Submitting a project proposal, on the side of the project bidders, is an experience filled with sweat and jitters, but who would have thought that, on the side of the receivers, selecting among the proposals is just as hard?
Companies often conduct bidding for various benefits. It promotes healthy competition and ensures that the company will be getting only the best. When a certain company has made a decision from a pool of bidders, they will be informing this bidder through an awarding contract letter. You may also see Letter Samples.
The process of formally informing a bidder that they have been chosen as the contractor for a certain project or contract is called contract awarding. To formally inform this successful bidder, an awarding contract letter is made. This type of letter has the following elements:
1. Successful Tenderer: This is the individual, company, or entity that you have chosen to award a contract out of the pool of bidders. In the awarding contract letter, this is the receiver.
2. Contract Provider: This is the individual, company, or entity that confers the contract to the successful tenderer. This can be you as the writer and sender of the letter.
3. Contract Affirmation: This is the line or paragraph of the awarding contract letter that explicitly confirms the bidder that their company has been chosen to be the official contractor. It also contains the details regarding the bid.
4. Reason of Acceptance: This is the part of the letter that mentions why the tenderer has been chosen to be awarded with the contract.
5. Contract Arrangements: This part of the contract awarding letter supplies the information on how the successful tenderer and the contract provider can discuss the terms of the contract. In some cases, the provider will have already been done with the contract and will attach it on the letter.
1. Complete the letter staples first: Before starting the body of the letter, fill in the letter staples first. This means that you need to write the date you will be sending the letter, followed by the inside address, which contains the name and the business address of your successful tenderer, and then the salutation following the business format. Take note of the colon at the end of the salutation.
2. Writing the content of the letter: The body of the letter is where you will provide the details as well as the confirmation that your receiver has indeed been chosen to be the partner for the contract.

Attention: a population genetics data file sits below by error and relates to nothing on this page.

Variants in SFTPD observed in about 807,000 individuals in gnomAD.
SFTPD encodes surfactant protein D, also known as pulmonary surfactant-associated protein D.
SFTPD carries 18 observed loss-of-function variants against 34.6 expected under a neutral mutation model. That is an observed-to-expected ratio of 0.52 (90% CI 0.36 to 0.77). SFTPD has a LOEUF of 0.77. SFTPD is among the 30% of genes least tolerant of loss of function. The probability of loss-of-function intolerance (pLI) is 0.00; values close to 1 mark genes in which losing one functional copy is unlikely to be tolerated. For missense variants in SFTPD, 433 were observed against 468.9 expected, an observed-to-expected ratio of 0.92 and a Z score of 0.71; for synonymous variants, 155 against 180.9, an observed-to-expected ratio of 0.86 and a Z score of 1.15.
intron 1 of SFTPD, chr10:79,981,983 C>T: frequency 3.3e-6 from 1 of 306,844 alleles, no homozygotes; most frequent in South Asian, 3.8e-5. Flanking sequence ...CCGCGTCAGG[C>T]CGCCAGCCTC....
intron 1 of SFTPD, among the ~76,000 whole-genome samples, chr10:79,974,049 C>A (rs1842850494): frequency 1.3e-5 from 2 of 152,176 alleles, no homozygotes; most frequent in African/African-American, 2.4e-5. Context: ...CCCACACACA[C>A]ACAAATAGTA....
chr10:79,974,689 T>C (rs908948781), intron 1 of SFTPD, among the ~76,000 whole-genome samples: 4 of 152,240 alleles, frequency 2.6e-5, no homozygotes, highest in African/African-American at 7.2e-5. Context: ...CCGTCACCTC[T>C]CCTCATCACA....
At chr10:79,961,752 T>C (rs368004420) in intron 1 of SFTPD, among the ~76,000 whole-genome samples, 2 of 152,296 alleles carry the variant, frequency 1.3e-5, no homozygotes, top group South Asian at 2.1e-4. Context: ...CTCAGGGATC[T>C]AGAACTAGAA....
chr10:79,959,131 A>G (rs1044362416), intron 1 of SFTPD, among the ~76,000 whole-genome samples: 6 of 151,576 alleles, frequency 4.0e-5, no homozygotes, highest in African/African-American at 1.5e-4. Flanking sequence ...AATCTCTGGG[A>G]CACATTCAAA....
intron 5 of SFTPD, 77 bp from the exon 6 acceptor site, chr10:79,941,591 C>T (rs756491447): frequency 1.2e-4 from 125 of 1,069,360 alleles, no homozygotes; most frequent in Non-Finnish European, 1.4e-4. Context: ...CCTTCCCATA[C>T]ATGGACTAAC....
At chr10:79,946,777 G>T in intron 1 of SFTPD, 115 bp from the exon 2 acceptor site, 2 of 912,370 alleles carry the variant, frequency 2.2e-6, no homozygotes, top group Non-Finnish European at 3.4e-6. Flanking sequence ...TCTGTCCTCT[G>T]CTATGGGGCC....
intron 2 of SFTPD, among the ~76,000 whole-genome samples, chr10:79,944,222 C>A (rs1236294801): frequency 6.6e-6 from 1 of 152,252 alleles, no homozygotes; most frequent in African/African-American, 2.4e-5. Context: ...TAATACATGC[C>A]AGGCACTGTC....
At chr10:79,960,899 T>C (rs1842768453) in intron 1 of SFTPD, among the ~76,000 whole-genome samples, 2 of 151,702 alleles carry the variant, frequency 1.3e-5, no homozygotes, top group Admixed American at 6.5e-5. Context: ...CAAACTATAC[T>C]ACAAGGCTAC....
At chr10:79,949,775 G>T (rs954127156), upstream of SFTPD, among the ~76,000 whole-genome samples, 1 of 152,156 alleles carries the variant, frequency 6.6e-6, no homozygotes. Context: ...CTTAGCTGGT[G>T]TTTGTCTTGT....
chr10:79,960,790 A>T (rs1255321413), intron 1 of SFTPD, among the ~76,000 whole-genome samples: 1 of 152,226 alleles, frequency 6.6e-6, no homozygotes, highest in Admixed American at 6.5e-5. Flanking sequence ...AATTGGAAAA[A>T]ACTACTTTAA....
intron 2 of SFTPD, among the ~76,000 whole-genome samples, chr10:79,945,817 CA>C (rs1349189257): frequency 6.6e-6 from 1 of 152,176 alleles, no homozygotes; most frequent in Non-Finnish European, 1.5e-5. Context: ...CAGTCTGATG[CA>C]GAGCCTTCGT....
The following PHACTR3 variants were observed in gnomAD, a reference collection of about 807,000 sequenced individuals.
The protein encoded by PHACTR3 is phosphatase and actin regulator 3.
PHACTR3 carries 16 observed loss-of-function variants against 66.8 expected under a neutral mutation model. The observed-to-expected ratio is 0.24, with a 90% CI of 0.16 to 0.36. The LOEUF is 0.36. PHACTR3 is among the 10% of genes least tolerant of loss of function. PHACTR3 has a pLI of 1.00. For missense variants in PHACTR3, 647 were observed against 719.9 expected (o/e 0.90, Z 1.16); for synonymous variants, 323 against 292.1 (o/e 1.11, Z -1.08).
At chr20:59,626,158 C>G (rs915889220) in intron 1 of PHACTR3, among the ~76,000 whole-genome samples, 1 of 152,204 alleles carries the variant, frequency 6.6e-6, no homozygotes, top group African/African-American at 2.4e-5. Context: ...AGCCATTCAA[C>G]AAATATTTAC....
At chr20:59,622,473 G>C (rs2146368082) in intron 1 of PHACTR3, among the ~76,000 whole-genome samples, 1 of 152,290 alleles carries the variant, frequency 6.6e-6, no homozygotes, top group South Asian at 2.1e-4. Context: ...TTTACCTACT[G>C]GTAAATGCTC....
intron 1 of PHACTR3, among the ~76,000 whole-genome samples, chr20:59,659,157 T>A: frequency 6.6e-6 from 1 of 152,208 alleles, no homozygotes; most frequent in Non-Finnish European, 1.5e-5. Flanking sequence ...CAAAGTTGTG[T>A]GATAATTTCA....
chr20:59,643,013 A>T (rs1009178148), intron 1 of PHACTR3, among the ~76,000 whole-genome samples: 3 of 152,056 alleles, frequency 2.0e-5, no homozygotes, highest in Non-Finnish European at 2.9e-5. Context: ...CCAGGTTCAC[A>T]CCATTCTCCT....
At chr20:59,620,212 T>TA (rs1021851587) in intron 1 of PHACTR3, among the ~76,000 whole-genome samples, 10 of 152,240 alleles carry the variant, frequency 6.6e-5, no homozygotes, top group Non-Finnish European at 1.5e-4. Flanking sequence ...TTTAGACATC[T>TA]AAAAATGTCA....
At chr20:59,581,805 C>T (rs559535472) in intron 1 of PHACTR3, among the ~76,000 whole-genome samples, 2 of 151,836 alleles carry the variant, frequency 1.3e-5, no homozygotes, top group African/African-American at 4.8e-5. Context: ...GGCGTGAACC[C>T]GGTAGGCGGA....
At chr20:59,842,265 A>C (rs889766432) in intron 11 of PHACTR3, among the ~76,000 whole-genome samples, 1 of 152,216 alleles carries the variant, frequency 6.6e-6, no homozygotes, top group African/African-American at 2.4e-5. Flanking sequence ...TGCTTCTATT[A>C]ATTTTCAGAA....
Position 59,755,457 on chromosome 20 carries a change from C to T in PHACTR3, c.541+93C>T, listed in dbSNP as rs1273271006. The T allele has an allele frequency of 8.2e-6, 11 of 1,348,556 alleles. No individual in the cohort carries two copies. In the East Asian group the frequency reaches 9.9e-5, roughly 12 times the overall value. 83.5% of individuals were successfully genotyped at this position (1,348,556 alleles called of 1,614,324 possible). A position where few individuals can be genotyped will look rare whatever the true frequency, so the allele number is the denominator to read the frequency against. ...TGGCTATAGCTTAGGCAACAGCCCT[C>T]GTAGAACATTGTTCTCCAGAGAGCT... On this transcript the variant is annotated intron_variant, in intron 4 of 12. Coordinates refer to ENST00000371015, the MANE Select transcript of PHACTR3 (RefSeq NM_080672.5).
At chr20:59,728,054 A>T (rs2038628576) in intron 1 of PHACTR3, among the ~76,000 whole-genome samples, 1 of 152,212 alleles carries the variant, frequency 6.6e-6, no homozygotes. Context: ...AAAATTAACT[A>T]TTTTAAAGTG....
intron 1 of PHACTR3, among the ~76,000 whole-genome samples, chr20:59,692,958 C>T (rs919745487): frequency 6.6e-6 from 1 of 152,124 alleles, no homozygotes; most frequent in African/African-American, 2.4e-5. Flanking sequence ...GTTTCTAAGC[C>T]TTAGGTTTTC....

3. Proofread: Read your letter again and cite for errors in grammar and inconsistencies from the business letter format. Make sure that you have clearly expressed your message and you got all the details correct. If you already have a contract then don’t forget to attach the contract on your letter. Spending mere minutes of reviewing your letter will spare you from doing major re-dos and worries if ever it gets sent.
Awarding contract letters are classified according to the method used in choosing the winner of a bid. There are four most common methods, and they are:
Awarding contract letter templates come in documents with standard sizes of A4 (8.27 inches by 11.69 inches), US letter (8.5 inches by 11 inches), and US legal (8.5 inches by 14 inches).
As long as you think you have made a carefully-weighted decision on the bidder that you will be entering a contract with, then it is safe to send out a letter informing them that they are the chosen ones. Usually, companies take around 90 days to take in proposals and finalize their decision, so you might also want to observe that kind of length in deliberation.
Sending a letter to the bidders that you have not chosen for the contract is not really recommended as you want to keep them open for other opportunities in your company. In the instances where you and your chosen bidder will suddenly not agree with the contract, then you still got the other bidders welcoming the contract offer from your hands. Only send a letter when the contract has been signed by you and your chosen contractor, as there is already a sense of finality in this stage.
Take note that a contract awarding letter is not the contract itself, so it is not binding and the receiving party can refuse the offer stated in the letter. However, once both parties have signed the contract, they will both be legally bound and backing out entails a complicated and expensive legal service. When choosing your contractor, make sure that you have weighed and evaluated the different factors and so as not to take a hard toll on your company in the end.